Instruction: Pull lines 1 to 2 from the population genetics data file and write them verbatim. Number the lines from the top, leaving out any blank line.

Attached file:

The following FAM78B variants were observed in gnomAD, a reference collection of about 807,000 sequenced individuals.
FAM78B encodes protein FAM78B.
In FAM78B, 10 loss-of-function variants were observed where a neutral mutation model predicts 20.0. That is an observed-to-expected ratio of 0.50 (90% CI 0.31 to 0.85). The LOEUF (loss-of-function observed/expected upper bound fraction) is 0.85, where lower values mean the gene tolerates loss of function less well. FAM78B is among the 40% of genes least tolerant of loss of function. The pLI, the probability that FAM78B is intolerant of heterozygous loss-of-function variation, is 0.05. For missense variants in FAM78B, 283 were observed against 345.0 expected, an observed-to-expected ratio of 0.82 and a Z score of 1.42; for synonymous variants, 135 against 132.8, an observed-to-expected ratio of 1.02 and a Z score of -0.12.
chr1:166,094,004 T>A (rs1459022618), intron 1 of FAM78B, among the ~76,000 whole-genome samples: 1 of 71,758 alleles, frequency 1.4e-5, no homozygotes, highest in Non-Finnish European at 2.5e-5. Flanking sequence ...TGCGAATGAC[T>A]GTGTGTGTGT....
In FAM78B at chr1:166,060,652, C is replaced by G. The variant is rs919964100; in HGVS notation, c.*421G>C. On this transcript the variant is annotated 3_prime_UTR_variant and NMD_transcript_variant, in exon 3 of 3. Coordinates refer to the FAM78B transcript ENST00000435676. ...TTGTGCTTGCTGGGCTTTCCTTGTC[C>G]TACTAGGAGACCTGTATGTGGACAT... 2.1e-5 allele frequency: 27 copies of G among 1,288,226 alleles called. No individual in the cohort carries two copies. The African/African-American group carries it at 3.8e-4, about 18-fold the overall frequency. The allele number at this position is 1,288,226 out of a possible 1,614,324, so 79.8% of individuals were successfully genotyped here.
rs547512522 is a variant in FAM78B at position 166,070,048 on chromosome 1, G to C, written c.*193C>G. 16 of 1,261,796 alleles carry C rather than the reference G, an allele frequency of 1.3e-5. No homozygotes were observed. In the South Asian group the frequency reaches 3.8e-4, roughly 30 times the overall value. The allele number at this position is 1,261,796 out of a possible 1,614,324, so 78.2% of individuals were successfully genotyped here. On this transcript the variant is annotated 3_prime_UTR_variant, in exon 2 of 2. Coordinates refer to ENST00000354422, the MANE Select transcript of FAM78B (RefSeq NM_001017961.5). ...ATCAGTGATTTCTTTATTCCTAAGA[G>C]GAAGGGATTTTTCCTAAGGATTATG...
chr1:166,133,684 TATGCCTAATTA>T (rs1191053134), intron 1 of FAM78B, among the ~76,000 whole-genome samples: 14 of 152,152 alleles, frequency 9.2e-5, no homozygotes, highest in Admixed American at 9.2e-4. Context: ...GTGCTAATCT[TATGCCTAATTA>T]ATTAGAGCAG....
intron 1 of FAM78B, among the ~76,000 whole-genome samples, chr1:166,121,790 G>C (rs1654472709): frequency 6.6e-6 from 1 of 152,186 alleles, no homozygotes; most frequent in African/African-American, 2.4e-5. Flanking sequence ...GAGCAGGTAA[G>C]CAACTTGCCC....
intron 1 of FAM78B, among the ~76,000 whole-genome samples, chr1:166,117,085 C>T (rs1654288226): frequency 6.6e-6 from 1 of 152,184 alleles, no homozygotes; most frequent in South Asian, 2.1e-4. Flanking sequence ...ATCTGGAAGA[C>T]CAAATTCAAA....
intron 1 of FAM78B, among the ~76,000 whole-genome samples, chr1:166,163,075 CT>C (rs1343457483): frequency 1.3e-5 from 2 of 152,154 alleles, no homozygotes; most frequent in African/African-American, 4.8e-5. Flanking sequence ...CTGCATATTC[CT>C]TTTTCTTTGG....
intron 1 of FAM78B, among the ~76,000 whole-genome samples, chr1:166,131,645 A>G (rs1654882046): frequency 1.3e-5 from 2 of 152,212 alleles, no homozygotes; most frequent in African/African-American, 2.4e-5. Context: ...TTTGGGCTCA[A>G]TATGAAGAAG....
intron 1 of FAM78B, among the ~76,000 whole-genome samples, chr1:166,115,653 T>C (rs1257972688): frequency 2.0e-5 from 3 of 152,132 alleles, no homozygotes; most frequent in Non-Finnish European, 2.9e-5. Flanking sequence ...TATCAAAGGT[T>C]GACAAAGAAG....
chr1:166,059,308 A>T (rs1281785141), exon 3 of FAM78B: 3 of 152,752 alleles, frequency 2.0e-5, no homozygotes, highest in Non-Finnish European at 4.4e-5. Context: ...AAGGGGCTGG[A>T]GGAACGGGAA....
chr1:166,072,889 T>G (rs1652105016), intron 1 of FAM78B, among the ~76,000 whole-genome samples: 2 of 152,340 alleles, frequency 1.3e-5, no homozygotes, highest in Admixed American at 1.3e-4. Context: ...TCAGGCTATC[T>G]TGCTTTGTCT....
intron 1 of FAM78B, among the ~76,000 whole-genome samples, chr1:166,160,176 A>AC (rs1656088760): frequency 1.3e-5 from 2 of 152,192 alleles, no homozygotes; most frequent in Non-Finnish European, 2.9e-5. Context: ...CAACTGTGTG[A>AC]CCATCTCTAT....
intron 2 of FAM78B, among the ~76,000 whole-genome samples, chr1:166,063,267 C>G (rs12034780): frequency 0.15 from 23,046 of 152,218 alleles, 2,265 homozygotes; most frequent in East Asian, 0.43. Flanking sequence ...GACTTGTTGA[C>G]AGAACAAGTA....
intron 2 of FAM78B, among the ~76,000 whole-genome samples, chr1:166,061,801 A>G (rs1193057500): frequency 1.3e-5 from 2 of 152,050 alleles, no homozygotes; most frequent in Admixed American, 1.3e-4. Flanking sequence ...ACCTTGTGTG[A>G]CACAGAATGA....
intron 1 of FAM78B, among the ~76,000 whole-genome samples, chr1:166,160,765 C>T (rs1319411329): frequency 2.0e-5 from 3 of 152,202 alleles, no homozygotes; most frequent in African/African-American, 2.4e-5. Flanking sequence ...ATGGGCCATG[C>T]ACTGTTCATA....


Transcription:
The following FAM78B variants were observed in gnomAD, a reference collection of about 807,000 sequenced individuals.
FAM78B encodes protein FAM78B.